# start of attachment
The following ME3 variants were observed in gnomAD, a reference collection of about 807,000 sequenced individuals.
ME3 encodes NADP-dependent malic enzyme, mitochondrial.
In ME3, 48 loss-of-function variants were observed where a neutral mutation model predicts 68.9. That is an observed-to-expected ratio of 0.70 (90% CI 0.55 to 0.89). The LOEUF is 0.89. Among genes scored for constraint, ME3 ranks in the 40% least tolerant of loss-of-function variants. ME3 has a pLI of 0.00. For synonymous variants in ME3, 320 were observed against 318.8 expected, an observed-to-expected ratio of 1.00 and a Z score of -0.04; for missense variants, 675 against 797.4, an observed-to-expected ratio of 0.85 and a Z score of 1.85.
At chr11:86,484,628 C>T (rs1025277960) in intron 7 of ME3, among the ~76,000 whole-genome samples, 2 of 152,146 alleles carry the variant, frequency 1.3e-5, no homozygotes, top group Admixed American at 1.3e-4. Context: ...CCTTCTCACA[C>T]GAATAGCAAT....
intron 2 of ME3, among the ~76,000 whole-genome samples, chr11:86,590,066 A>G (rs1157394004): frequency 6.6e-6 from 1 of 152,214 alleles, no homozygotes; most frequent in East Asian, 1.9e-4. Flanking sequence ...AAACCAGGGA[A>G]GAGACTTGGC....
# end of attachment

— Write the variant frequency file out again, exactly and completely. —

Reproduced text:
The following ME3 variants were observed in gnomAD, a reference collection of about 807,000 sequenced individuals.
ME3 encodes NADP-dependent malic enzyme, mitochondrial.
In ME3, 48 loss-of-function variants were observed where a neutral mutation model predicts 68.9. That is an observed-to-expected ratio of 0.70 (90% CI 0.55 to 0.89). The LOEUF is 0.89. Among genes scored for constraint, ME3 ranks in the 40% least tolerant of loss-of-function variants. ME3 has a pLI of 0.00. For synonymous variants in ME3, 320 were observed against 318.8 expected, an observed-to-expected ratio of 1.00 and a Z score of -0.04; for missense variants, 675 against 797.4, an observed-to-expected ratio of 0.85 and a Z score of 1.85.
At chr11:86,484,628 C>T (rs1025277960) in intron 7 of ME3, among the ~76,000 whole-genome samples, 2 of 152,146 alleles carry the variant, frequency 1.3e-5, no homozygotes, top group Admixed American at 1.3e-4. Context: ...CCTTCTCACA[C>T]GAATAGCAAT....
intron 2 of ME3, among the ~76,000 whole-genome samples, chr11:86,590,066 A>G (rs1157394004): frequency 6.6e-6 from 1 of 152,214 alleles, no homozygotes; most frequent in East Asian, 1.9e-4. Flanking sequence ...AAACCAGGGA[A>G]GAGACTTGGC....